Does W3C Validation Help In Search Rankings?

    September 23, 2004

Validating the html and other codes in your website can be a time consuming task. Because validation simply checks the mark up language for proper syntax, some have wondered if using this process will benefit a site when it comes to search engine rankings, and as such, is it worth doing?

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There are a number of sites that offer validation tools, but the most common one resides on the W3C web site. The process of validation is simple enough. You simply enter the URL of the site in question or W3C allows you to physically upload a page or a site and the validation tool scans the file and informs the user of any syntax. The corrections then have to be made by the site designer.

Is this work worth it when it comes to your site being spidered by search engines? This question was asked by a poster on the forum and also discussed by Daria Goetsch in an article that appeared On WMW, Larryhat stated that he had recently finished validating his site’s code, and was wondering if this would be beneficial to his SERP ranking: “Might all this work have a positive impact on my rankings in Google and/or Yahoo SERPs? Maybe some small advantage I would have missed by not validating? Or, do G and Y frankly not care one way or the other?”

Certainly, there are a number of sites without validity that rank well, so why should you be concerned? Claus, in response to a declaration about validation said, “A valid page can be beaten by another page, just like an invalid page can”, emphasized this point. However, claus also suggested validation is an important step in the design process but cautioned; “Valid markup does not cut it by itself, it takes a wee bit more than that to get rankings.”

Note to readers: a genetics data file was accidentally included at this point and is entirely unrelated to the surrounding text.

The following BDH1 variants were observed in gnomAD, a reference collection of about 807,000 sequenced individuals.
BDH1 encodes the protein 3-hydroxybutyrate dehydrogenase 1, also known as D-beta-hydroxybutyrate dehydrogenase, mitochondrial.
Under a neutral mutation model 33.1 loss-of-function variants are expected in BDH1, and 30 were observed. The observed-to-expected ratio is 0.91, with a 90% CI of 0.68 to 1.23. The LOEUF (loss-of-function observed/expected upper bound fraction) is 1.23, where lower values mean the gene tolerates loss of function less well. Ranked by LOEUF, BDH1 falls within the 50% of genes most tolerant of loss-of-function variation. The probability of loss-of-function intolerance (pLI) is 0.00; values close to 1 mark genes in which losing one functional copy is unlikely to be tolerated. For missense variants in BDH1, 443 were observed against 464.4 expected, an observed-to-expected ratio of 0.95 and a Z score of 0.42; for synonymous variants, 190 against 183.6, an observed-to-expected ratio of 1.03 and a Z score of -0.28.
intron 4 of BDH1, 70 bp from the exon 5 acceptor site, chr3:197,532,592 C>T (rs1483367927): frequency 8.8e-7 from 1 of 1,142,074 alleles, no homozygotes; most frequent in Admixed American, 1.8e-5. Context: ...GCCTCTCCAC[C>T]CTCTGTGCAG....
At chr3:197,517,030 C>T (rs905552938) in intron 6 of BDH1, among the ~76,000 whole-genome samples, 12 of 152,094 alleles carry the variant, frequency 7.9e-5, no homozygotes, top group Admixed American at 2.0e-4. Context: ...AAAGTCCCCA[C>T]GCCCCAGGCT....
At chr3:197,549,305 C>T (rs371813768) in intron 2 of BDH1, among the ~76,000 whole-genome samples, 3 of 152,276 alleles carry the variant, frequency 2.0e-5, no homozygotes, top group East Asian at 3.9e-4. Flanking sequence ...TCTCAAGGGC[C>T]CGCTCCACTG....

Before you discount validation completely, consider this error that tedster discovered:

“Last year, there was one unique phrase (word1 word2) that I knew should rank – and it didn’t I checked the page and a <p> was written as <p with no closing bracket – probably a copy/paste error. Everything between that tag and the next <p> tag was evidently not in the index.

I fixed the mark-up and within 7 days, the two word phrase was #1 and bringing in traffic from the search engines.

Similar problems can definitely come from a missing close quote. Things like deprecated attributes and such have no real effect that I’ve ever seen. But when your markup is not well formed — there are real errors on the page — then you can have sections of a page not indexed”

Another vote for validation came from StupidScript, who said, “Proper code = easier for spiders to parse as expected.” However, it was WMW administrator tedster who possibly gave the most compelling reason why validation can help with search engines, albeit indirectly, by saying, “another hidden benefit of learning about validation and well structured documents has been finding natural and appropriate ways to include keywords in my pages.”

WMW senior member encyclo had this to say about why you should be mindful of validation: “That’s why you have to validate – not to clean up stray attributes, but to remove one big possible stumbling block to proper parsing of your documents – either by bots or end-users.” His point was supported by Daria’s article. She said, “Your human visitors need clear, easy-to-understand content and navigation on your pages; search engine robots need that same kind of clarity.”

While validation is in no way a guarantee of high search engine rankings, it’s hard to deny the process has merit, if only for an increased understanding of web semantics. As for whether or not the task is worth the effort, I’ll leave the last word to skippy, who says, “Any little thing I can do to help a spider digest my content I gladly find time.”

Chris Richardson is a search engine writer and editor for WebProNews. Visit WebProNews for the latest search news.